March 12, 2013 – The Minnesota Department of Agriculture (MDA) is alerting consumers to avoid feeding or handling two brands of poultry-based raw pet food after the MDA laboratory discovered Salmonella bacteria in routine sample tests.
Bravo! Raw Food Diet
One of the affected products include Bravo! Raw Food Diet 2 lb. Chicken Blend for Dogs and Cats manufactured by Bravo!, LLC, of Manchester, Connecticut.
This is a frozen pet food product with the production code of 06/14/12, which is located on the white tag on the end of the package.
This advisory is for the 2 lb. size of Bravo! Chicken Blend with the “Best Used by Date” of 6/12/14 only.
No other products, sizes, or production dates are involved.
For further information, consumers are invited to contact the company at 866-922-9222.
Steve’s Real Food
The other affected product includes Steve’s Real Food Turducken Canine Diet 8 ounce patties, manufactured by Steve’s Real Food, Inc., of Murray, Utah.
This is a frozen pet food product with the “Use By Date” code of 10/27/13 B209, which is located on the lower front panel of package.
For further information, contact the company at 801-540-8481 or firstname.lastname@example.org.
There are no reports of human or animal illnesses associated with consumption of these products.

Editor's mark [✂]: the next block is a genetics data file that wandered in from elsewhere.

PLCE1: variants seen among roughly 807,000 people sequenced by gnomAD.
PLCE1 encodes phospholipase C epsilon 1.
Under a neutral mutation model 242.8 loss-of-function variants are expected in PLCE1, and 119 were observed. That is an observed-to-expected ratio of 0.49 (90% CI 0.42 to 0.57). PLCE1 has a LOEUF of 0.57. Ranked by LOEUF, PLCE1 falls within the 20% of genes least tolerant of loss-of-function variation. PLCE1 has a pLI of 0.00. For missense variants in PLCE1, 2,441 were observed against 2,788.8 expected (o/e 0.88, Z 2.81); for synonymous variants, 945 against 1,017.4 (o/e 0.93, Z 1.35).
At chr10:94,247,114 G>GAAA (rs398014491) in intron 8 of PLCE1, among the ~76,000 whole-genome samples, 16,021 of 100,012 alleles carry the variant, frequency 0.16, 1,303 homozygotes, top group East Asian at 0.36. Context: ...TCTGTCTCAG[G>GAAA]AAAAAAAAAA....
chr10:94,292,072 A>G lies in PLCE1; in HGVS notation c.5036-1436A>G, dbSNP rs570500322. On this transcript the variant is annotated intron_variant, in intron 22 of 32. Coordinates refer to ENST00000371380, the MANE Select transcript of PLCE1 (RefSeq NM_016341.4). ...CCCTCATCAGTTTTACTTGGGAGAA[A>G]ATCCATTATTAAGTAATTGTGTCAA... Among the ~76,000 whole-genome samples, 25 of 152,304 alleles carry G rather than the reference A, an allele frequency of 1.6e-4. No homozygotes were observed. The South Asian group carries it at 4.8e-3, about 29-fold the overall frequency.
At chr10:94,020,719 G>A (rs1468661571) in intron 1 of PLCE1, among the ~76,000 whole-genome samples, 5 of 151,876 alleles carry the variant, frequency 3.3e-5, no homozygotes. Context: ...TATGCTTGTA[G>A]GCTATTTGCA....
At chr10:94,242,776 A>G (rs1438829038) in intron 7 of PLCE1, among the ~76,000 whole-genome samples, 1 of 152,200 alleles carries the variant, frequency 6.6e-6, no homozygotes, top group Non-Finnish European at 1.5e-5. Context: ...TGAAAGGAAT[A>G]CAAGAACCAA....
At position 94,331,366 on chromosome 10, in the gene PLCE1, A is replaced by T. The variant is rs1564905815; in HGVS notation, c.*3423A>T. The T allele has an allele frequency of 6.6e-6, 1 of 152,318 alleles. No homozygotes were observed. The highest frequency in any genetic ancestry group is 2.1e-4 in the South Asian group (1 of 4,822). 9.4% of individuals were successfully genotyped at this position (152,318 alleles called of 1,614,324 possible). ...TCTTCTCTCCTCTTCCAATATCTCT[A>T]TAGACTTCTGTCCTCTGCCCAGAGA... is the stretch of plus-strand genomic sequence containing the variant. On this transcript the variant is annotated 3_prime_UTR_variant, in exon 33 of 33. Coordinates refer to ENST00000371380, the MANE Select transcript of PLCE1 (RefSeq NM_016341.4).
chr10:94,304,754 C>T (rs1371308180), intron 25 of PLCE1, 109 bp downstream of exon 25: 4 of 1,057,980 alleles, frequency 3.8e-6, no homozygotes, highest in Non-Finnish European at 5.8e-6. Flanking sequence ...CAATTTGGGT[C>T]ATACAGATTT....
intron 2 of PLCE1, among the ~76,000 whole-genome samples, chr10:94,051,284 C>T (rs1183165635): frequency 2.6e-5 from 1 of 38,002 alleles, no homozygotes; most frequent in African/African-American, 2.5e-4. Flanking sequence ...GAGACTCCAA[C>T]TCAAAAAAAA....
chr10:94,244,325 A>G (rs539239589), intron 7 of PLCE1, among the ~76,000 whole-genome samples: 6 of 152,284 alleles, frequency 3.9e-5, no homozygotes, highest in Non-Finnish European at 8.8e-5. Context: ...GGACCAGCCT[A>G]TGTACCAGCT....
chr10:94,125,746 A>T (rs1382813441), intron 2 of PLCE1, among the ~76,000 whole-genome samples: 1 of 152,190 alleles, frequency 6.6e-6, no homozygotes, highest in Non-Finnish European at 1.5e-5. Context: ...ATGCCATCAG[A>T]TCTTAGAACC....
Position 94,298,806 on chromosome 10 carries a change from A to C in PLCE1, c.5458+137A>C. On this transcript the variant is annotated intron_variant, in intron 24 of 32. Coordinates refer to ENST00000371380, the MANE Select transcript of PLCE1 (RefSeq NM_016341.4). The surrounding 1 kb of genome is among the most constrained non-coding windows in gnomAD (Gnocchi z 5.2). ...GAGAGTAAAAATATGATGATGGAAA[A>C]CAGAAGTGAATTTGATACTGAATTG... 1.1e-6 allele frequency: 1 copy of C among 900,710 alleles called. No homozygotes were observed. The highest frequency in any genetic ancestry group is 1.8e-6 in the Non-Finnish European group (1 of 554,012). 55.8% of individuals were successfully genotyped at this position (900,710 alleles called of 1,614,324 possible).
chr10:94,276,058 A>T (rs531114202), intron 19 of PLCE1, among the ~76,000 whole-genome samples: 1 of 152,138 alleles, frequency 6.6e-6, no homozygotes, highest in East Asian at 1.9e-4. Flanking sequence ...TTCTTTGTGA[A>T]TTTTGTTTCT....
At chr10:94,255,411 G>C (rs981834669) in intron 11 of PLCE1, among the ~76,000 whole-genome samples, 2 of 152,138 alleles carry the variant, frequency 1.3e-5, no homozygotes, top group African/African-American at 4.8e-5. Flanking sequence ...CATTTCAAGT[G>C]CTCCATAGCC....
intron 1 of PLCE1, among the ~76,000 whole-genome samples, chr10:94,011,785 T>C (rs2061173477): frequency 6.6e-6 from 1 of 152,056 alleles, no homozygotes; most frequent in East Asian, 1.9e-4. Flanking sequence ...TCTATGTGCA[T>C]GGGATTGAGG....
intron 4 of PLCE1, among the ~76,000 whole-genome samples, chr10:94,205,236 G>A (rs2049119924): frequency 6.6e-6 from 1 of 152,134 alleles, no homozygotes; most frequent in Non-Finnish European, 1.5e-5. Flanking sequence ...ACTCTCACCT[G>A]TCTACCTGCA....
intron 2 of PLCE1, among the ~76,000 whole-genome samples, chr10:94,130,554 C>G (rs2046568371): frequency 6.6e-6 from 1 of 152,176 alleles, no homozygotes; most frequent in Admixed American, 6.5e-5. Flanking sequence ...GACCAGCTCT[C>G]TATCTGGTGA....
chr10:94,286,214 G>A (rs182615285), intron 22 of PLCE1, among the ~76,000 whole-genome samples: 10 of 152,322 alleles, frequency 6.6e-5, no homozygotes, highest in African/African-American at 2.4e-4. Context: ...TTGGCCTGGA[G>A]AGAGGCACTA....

Salmonella can affect animals eating the product, and there is a risk to humans from handling contaminated products.
People handling contaminated raw pet food can become infected with Salmonella, especially if they have not thoroughly washed their hands after having contact with surfaces exposed to this product.
Pets with Salmonella infections may exhibit decreased appetite, fever and abdominal pain.
If left untreated, pets may be lethargic and have diarrhea or bloody diarrhea, fever and vomiting.
Infected but otherwise healthy pets can be carriers and infect other animals or humans. If your pet has consumed this product and has these symptoms, please contact your veterinarian.
Human symptoms of salmonellosis include diarrhea, abdominal pain and cramps and fever. Symptoms usually begin within 12 to 72 hours after exposure, but can begin up to a week after exposure.
Salmonella infections usually resolve in 5-7 days, but approximately 20 percent of cases require hospitalization.
In rare cases, Salmonella infection can lead to death, particularly in the elderly or those with weakened immune systems.
Anyone who has become ill after handling this product should see their health care provider.
What to Do?
Consumers are asked to discard any of these products they may have.
You can report complaints about FDA-regulated pet food products by calling the consumer complaint coordinator in your area.
Or go to http://www.fda.gov/petfoodcomplaints.